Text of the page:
Reading about Reading

Reading about Reading

The opening paragraph from Elizabeth Minkel’s article in The New Yorker certainly caught my attention. Could it be true that the decline of reading may be on the reverse? Dana Gioia, the chairman of the National Endowment of the Arts, reports that more Americans are reading books than in previous years. The increase was small, nonetheless it was there. As Minkel writes, reading has been on the decline in our country for some time. “The steady drop since the nineteen-fifties correlates directly with the rise of television and visual media, but much of the damage has been done in the past two decades, well after TV had solidified its place in Americans’ lives … But despite the small gains, a solid half of the country still rarely, if ever, picks up a book for pleasure. In the same press release, the N.E.A. said that “The U.S. population now breaks into two almost equally sized groups—readers and non-readers.””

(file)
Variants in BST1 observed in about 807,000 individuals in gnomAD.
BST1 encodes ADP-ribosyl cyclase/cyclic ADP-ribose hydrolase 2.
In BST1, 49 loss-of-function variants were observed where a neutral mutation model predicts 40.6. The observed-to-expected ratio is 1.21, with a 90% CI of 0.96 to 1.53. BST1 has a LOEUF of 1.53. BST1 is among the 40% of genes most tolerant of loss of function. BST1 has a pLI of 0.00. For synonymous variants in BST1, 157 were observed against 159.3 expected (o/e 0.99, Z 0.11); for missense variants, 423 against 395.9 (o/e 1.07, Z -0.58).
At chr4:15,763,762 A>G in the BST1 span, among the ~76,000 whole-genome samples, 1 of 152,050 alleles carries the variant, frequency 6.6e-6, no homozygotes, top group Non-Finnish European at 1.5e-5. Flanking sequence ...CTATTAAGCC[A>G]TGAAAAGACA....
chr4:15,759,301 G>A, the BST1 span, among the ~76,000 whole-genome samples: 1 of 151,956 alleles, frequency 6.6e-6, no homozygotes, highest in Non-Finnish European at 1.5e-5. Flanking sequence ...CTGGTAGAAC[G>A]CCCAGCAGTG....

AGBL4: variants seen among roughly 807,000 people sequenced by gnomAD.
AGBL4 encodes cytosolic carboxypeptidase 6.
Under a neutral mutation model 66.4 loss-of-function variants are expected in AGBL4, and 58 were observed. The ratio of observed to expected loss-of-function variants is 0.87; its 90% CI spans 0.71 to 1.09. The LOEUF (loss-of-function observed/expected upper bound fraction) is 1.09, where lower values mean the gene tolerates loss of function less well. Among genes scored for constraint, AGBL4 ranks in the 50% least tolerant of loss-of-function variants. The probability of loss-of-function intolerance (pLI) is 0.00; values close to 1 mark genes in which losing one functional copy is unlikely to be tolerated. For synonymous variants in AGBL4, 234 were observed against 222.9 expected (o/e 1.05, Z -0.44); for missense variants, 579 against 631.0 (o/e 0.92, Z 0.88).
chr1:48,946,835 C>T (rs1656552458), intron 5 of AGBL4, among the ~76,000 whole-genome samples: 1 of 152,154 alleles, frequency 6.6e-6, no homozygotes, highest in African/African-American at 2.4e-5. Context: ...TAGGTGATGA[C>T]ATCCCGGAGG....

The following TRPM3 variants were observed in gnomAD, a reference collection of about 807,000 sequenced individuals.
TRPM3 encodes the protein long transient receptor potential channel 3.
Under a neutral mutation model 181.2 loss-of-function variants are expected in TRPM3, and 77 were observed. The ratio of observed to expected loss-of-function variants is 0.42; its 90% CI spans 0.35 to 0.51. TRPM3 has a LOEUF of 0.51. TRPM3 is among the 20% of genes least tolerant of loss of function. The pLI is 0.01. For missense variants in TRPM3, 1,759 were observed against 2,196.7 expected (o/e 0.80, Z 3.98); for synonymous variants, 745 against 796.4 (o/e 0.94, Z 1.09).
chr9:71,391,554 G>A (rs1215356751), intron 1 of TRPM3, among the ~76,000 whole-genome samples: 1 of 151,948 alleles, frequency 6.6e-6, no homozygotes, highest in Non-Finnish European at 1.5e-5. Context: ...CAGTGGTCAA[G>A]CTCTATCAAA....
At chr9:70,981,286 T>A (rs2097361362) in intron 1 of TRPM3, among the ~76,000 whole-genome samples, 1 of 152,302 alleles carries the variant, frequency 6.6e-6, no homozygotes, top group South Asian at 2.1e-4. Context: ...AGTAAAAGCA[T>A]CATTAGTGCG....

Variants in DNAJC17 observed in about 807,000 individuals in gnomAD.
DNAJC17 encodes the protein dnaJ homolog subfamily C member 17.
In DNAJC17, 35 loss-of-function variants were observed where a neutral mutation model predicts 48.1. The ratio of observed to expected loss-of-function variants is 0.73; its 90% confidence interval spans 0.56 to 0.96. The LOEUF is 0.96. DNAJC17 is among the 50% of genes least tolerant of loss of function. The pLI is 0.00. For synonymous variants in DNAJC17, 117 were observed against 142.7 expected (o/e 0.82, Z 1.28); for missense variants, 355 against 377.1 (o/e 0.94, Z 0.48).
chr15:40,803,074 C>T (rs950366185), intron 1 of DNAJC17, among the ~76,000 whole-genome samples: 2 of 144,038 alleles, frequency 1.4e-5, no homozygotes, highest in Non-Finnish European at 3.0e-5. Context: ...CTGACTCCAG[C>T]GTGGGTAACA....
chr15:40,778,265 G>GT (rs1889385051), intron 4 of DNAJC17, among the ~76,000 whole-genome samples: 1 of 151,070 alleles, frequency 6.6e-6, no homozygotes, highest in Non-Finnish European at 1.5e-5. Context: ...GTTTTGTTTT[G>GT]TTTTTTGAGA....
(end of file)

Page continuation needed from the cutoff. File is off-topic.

I recommend Minkel’s story. She cites other published stories that look at both sides of the issue. Is reading really on the decline? Or is the reverse really true–is it on the rise again? What difference does it make? Can it be true, as Gioia states in the NEA report, that “cultural decline” hangs in the balance? Many commenters on the subject actually address different questions, as Minkel points out nicely in her final paragraph: “Le Guin is talking about Americans’ lack of interest in pleasure reading; Poe is searching for innovative ways of teaching people who will never find reading enjoyable; and Crain is warning us against the dangers of thinking that reading is something that we can move past. Book sales might be dropping, but for now, those of us who read are not about to abandon the pastime. The question is how hard we should be working to convert the half of Americans who do not.”

Post a comment